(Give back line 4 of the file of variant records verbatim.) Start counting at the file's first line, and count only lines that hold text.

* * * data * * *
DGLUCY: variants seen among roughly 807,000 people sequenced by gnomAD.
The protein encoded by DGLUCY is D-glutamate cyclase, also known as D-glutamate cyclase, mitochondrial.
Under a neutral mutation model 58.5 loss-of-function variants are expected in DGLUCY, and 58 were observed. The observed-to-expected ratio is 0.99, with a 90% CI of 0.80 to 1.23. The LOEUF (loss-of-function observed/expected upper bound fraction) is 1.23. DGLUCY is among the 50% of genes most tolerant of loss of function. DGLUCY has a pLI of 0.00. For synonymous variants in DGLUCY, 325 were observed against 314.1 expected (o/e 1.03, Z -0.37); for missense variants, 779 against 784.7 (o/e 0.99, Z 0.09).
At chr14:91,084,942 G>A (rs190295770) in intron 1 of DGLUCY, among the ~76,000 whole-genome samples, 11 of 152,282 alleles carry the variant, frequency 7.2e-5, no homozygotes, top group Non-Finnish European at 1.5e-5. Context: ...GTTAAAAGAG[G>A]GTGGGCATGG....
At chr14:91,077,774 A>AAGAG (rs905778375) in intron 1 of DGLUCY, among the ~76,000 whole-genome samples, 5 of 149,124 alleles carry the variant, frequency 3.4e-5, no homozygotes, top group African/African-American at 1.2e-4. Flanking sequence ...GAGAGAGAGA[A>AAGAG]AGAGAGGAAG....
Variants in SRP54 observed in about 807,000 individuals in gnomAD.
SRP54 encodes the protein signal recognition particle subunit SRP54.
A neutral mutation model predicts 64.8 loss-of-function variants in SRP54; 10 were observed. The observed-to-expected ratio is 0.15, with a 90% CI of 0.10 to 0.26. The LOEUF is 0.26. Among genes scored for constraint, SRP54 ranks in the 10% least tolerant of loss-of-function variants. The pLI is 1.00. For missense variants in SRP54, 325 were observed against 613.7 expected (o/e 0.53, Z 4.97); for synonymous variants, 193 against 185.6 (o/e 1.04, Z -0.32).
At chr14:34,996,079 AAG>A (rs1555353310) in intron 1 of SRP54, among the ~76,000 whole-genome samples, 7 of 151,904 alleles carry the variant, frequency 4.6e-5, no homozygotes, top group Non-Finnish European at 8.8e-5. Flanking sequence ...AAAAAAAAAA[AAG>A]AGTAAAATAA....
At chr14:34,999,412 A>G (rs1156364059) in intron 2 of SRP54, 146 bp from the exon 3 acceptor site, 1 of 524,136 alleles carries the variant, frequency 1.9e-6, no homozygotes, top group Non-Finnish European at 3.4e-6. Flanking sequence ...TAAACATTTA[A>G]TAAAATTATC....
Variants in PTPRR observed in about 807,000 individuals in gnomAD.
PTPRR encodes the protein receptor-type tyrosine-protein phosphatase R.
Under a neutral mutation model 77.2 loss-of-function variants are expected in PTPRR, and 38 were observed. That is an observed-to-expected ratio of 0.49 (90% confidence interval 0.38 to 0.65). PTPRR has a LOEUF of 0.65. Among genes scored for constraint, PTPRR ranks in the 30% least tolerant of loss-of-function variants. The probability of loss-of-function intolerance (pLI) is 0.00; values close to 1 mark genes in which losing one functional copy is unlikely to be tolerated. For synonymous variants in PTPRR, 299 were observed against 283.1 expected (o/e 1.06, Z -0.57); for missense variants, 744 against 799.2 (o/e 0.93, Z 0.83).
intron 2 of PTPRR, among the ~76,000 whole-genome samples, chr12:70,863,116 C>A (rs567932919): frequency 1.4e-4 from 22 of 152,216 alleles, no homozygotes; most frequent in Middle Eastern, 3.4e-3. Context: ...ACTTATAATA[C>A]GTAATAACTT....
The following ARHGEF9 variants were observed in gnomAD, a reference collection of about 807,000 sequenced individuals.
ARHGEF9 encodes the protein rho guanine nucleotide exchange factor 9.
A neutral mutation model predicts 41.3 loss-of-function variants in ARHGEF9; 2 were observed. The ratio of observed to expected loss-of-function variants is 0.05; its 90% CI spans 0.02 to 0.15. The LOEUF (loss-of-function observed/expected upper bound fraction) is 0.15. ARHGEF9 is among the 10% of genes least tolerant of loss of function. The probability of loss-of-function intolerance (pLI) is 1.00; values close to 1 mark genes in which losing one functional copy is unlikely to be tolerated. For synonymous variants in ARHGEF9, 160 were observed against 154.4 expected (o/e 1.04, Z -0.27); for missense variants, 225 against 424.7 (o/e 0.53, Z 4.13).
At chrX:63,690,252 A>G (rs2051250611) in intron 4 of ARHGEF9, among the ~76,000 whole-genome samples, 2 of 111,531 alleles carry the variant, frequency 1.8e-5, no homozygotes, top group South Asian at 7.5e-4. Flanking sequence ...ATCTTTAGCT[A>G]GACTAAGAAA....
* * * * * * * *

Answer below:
At chr14:91,084,942 G>A (rs190295770) in intron 1 of DGLUCY, among the ~76,000 whole-genome samples, 11 of 152,282 alleles carry the variant, frequency 7.2e-5, no homozygotes, top group Non-Finnish European at 1.5e-5. Context: ...GTTAAAAGAG[G>A]GTGGGCATGG....